Tollgate Gardens, Maida Vale, London
Tel: 020 3096 7567 Email Mark
Keepmoat (on behalf of Affinity Sutton)
- 3D Finite Element Modelling
- Ground and Sewer Movement Analysis
- Infrastructure Asset Protection
Innovative use of density compensation to control sewer confinement
The project at Tollgate Gardens is a £50m rebuild of a former 1960’s estate to deliver 148 new and refurbished homes, half of which will be affordable.
The new development will include five new multi-storey blocks. At 9 storeys, the tallest block involved the excavation of a new lower ground floor level that straddles the North Western Storm Relief Extension Sewer (NWSRES).
The NWSRES is a 2.2m diameter concrete lined sewer belonging to Thames Water (TW). It alleviates the flooding risk of significant parts of north London and it surcharged during floods in 2002. TW set protection criteria for the sewer that required ground movements to be calculated to demonstrate that sewer curvature and joint opening limits were not exceeded in response to changes of loading through the build cycle.
The sewer was located some 3m below the proposed Structural Slab Level of the proposed new lower ground floor. During construction, excavation for the lower ground floor would reduce the ratio of soil weight to potential hydrostatic pressure within the sewer (Confinement Pressure Ratio or CPR) to significantly lower than the required value. Furthermore, in the long term TW would not allow building weight to be taken into account in the calculation of CPR.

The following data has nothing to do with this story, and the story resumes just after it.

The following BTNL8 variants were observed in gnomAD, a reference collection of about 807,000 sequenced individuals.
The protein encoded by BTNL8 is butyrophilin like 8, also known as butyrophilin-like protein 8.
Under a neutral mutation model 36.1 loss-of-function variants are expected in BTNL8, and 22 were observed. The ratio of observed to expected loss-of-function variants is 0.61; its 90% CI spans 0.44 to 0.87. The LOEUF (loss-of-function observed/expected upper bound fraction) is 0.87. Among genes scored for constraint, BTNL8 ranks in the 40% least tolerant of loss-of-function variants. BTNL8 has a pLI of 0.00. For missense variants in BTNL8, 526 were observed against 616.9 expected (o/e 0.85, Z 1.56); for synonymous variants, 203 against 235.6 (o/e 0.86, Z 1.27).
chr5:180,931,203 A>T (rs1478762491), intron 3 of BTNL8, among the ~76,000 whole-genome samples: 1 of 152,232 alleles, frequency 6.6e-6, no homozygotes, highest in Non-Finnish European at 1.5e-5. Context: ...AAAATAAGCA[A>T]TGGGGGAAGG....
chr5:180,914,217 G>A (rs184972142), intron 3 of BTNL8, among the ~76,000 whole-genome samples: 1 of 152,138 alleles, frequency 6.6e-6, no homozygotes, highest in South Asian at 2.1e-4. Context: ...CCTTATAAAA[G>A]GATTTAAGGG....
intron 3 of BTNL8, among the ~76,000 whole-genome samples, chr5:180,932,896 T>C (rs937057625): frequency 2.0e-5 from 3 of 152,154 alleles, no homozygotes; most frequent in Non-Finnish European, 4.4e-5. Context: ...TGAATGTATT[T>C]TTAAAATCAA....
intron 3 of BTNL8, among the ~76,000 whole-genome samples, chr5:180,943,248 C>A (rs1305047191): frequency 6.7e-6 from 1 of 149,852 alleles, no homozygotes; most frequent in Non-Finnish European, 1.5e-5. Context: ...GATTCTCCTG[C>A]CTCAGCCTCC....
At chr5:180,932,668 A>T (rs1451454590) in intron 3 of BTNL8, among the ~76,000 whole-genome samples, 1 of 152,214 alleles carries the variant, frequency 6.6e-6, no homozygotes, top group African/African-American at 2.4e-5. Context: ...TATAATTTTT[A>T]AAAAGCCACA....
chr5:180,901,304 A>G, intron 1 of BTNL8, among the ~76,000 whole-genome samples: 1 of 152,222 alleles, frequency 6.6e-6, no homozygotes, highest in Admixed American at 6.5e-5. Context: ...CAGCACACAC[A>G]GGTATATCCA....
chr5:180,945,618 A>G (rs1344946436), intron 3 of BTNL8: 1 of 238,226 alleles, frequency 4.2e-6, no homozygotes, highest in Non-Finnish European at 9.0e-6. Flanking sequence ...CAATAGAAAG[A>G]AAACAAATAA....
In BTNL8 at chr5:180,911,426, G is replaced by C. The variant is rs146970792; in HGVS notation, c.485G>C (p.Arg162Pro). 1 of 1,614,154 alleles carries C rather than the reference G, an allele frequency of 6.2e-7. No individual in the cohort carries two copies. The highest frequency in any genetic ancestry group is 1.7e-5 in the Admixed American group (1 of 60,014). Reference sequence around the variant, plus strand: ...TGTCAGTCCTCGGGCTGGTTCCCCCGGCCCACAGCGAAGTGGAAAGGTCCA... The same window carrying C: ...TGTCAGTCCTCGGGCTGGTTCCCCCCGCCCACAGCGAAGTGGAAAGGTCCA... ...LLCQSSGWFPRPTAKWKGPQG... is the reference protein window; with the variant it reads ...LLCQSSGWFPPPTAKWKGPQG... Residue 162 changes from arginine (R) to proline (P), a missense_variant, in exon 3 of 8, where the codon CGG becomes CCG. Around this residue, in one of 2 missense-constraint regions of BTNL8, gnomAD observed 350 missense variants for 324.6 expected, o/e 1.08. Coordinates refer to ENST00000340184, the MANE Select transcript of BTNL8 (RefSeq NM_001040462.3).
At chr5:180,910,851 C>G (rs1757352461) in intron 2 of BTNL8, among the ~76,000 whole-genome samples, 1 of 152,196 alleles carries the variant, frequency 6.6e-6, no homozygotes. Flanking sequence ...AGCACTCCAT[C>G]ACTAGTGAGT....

It was therefore not possible to construct the basement as originally designed. Without significant geotechnical input, the basement would have been removed, relocated or reduced in depth. None of these options were acceptable to the client.
CGL used PLAXIS 3D FE analytical software and continuum analysis to develop an excavation sequence suitable for TW limits. In order to achieve the required CPR a super dense concrete was used with a unit weight of 38kN/m3 containing ‘Magnadense’, a natural magnetite aggregate. Iesis Special Structures, the structural engineer, incorporated CGL’s analysis to determine a feasible construction sequence with a slab thickness necessary to minimise excavation depths whilst remaining beneath the level of the proposed structure.
The contractor excavated in bays over the sewer, thereby limiting the overburden stress relief to be compatible with available emergency measures. In the temporary condition the risks from flooding were controlled by implementation of a weather monitoring programme with a set of rules to be followed by the groundworks contractor.
Through open communication with stakeholders including Thames Water, the client plus the design and construction team, the solution was agreed in principle, then a design was detailed and a working method agreed to allow successful scheme implementation.
The main achievement of CGL’s work was to allow the basement to be constructed. Without the innovative approach adopted, the basement in its designed form would not have been possible and would have required changes in layout (with a requirement to go back to planning) or the removal of the basement (removing valuable space from within the development).